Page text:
By November 1st, we've had our first frost, and (except for a few stubborn Oaks and similar) most of the hardwoods are pretty much bare. The Mockingbirds have begun their winter-long defense of the Holly Berries until they are ripened in February (when the Robins come in as a flock and steal them, without so much as a thank-you).

    ...and November 1st is darned close to College Basketball Tip-Off day.


  10. Here in the central Coast Range of Oregon, winter starts with the first rainstorm big enough to bring the salmon up to spawn - 3" of rain at least. late October - Early November.

  11. I live in the central Coast Range of Oregon (like Meow Blah III). I consider winter to begin between the first major rain (that moves the salmon up the river) and the end of the leaf-falling time. For native trees, that time is about now. So: mid-October through mid-November.

  12. Winter doesn't begin until the leaves have all fallen, there is no useful produce left in the garden, the house needs heat every day, and it is raining more days than not. Usually that is after Thanksgiving, and before Dec 5.

  13. When I lived in Anchorage, AK, it was when snow consistently covered the ground in town. Since moving to the KC area, once the avg temperatures or wind chill consistently stay near or below freezing, especially after the first measurable snowfall.

  14. I live in Colorado. I've always believed that the solstices and equinoxes should mark the middle of each of the seasons'. Therefore, the beginning of winter would be sometime around Nov. 5th and last until Feb. 6th or so.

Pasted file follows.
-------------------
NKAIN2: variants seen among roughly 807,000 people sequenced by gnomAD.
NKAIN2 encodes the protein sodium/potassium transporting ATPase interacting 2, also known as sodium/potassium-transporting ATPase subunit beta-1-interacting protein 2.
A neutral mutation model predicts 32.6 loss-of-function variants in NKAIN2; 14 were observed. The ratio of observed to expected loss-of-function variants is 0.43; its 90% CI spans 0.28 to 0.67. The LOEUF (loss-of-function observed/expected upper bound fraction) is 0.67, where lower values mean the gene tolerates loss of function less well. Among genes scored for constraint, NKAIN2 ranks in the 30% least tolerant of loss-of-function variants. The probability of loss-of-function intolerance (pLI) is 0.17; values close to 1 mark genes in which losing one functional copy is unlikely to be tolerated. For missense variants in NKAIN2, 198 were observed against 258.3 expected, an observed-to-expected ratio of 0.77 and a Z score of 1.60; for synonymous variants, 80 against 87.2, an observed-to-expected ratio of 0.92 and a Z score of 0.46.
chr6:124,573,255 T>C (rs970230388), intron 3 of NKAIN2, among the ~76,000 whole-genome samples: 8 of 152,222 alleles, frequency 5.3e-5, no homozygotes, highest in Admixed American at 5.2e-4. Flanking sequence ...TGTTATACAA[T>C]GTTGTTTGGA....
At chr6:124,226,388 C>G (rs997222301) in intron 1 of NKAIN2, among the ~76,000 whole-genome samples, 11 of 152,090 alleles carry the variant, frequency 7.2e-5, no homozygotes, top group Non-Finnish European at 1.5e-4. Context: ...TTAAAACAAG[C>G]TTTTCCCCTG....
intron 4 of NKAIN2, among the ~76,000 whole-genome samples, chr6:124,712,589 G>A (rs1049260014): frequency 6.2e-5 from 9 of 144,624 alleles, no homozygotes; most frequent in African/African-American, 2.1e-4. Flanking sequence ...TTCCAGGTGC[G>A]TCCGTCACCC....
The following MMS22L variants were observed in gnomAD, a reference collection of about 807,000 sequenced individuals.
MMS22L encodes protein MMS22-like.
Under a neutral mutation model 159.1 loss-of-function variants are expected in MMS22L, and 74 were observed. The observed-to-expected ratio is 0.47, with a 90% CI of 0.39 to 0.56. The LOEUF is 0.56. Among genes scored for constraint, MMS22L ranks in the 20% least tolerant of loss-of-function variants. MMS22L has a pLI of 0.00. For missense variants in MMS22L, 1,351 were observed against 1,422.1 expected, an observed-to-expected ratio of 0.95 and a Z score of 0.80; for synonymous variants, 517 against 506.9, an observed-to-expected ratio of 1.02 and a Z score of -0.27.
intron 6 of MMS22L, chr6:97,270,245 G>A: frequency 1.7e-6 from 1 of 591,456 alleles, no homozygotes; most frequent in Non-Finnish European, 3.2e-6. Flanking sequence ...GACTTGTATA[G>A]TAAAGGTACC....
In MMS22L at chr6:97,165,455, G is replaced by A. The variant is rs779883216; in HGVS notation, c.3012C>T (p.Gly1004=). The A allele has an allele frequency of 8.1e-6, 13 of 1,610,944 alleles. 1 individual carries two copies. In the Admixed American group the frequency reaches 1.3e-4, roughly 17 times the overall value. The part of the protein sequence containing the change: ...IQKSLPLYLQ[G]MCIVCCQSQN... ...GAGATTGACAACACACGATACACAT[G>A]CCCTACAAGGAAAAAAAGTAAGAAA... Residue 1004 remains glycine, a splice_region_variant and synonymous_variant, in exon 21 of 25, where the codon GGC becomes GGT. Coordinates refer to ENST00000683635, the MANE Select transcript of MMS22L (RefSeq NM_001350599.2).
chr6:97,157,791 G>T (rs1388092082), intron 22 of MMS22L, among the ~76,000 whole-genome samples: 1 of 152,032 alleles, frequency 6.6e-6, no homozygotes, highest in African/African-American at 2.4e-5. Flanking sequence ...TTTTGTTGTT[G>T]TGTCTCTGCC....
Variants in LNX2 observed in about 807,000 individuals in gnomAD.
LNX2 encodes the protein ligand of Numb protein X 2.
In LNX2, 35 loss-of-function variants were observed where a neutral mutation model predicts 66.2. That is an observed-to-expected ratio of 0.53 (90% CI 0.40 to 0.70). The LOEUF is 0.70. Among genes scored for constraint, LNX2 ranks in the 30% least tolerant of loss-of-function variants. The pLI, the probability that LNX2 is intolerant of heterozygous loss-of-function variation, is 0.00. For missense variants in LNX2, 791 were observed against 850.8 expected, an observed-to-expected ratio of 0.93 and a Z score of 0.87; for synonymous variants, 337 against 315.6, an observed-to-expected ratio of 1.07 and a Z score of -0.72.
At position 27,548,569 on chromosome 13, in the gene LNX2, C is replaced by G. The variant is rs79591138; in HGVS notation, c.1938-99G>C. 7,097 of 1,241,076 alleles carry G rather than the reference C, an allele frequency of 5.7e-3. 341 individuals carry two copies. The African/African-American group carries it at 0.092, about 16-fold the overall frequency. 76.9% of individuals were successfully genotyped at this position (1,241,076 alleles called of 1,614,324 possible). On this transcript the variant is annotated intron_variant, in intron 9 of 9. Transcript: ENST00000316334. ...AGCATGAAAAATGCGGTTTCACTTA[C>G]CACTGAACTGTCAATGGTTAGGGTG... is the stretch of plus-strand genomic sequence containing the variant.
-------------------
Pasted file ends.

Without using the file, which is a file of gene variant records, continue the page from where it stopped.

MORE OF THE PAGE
15. I live in Colorado. Winter is for real when there is a 3-foot base at the major ski areas.

  16. I live in SW Michigan

    I have found that you can use the calendar and be very close.
    In stead of the Solstice being the beginning of the season. I use them as the middle of the season. So if you figure out the dates from there, it looks like this.

    Nov 6, 1st day of winter.
    Dec 21, solstice - mid winter

    Feb 4, 1st day of spring
    Mar 20, equinox - mid spring

    May 5, 1st day of summer
    June 20, solstice - mid summer

    Aug 6, 1st day of fall
    Sept 22, equinox - mid fall

    I have found this correlates very well with the weather. For example using Nov 6th as the 1st day of winter, the leaves are off the trees, the garden is done, we have had the killing frost, and it can snow at any time.

  17. Here in Mississippi on 11-13, it is still fall - leaves still on the trees. After a cold front went through yesterday we had frost this morning in the wide open areas only - but will start warming up again to delightful fall temps. For me, winter starts around Jan. 1. After Christmas it begins to be "steady cold" sometimes rainy and more dreary. May is a transition month as it begins to get hot and more unbearable after the "cool" spring. Summer hits full force June 1 and continues into September. We long for a cooling front in September for relief!

  18. I think I used to have a stronger sense of the seasons than I do now, I may be looking and more things and a larger area than I used to. Here's all the seasons from my current perspective in New Hampshire:

    Winter: When there's a couple inches of snow on the ground or ponds freeze over. I don't get into a Christmas shopping mood until that happens, which can be a problem!

    Spring: Crocuses and daffodils bloom. (4 or 5 months later.)

    Summer: first 80+ when I'm working out side and my body discovers cooling is more important than warming. (Way too soon - New England springs are short.)

    Fall: When enough foliage has changed to make a hillside worth a second look.